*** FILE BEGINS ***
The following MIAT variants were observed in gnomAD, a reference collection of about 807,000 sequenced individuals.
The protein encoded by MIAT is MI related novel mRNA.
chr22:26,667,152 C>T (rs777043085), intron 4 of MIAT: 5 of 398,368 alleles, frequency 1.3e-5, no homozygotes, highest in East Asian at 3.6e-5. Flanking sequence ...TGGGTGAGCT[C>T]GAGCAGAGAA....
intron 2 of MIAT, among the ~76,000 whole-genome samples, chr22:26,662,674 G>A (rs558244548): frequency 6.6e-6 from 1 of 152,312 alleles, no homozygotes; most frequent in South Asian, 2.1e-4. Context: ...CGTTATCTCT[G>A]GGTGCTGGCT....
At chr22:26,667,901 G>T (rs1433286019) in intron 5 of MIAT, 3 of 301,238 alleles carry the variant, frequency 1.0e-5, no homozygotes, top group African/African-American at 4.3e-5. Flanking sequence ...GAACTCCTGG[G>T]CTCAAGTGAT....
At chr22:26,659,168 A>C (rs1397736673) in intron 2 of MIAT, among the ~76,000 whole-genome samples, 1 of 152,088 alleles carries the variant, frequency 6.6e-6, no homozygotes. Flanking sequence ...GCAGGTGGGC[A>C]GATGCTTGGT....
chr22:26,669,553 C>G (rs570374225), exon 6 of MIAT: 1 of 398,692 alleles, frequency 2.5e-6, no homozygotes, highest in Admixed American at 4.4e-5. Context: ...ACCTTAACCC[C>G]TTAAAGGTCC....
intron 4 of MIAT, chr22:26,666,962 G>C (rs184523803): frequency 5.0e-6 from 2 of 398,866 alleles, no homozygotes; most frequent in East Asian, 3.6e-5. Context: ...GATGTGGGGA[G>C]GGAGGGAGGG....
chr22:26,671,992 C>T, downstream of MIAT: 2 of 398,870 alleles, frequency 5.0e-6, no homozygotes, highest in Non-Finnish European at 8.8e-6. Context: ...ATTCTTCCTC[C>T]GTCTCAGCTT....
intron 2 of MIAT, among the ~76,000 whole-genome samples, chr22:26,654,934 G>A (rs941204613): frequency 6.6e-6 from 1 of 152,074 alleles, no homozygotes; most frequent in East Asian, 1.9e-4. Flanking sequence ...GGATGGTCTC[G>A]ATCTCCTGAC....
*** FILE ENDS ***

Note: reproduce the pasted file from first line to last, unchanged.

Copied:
The following MIAT variants were observed in gnomAD, a reference collection of about 807,000 sequenced individuals.
The protein encoded by MIAT is MI related novel mRNA.
chr22:26,667,152 C>T (rs777043085), intron 4 of MIAT: 5 of 398,368 alleles, frequency 1.3e-5, no homozygotes, highest in East Asian at 3.6e-5. Flanking sequence ...TGGGTGAGCT[C>T]GAGCAGAGAA....
intron 2 of MIAT, among the ~76,000 whole-genome samples, chr22:26,662,674 G>A (rs558244548): frequency 6.6e-6 from 1 of 152,312 alleles, no homozygotes; most frequent in South Asian, 2.1e-4. Context: ...CGTTATCTCT[G>A]GGTGCTGGCT....
At chr22:26,667,901 G>T (rs1433286019) in intron 5 of MIAT, 3 of 301,238 alleles carry the variant, frequency 1.0e-5, no homozygotes, top group African/African-American at 4.3e-5. Flanking sequence ...GAACTCCTGG[G>T]CTCAAGTGAT....
At chr22:26,659,168 A>C (rs1397736673) in intron 2 of MIAT, among the ~76,000 whole-genome samples, 1 of 152,088 alleles carries the variant, frequency 6.6e-6, no homozygotes. Flanking sequence ...GCAGGTGGGC[A>C]GATGCTTGGT....
chr22:26,669,553 C>G (rs570374225), exon 6 of MIAT: 1 of 398,692 alleles, frequency 2.5e-6, no homozygotes, highest in Admixed American at 4.4e-5. Context: ...ACCTTAACCC[C>G]TTAAAGGTCC....
intron 4 of MIAT, chr22:26,666,962 G>C (rs184523803): frequency 5.0e-6 from 2 of 398,866 alleles, no homozygotes; most frequent in East Asian, 3.6e-5. Context: ...GATGTGGGGA[G>C]GGAGGGAGGG....
chr22:26,671,992 C>T, downstream of MIAT: 2 of 398,870 alleles, frequency 5.0e-6, no homozygotes, highest in Non-Finnish European at 8.8e-6. Context: ...ATTCTTCCTC[C>T]GTCTCAGCTT....
intron 2 of MIAT, among the ~76,000 whole-genome samples, chr22:26,654,934 G>A (rs941204613): frequency 6.6e-6 from 1 of 152,074 alleles, no homozygotes; most frequent in East Asian, 1.9e-4. Flanking sequence ...GGATGGTCTC[G>A]ATCTCCTGAC....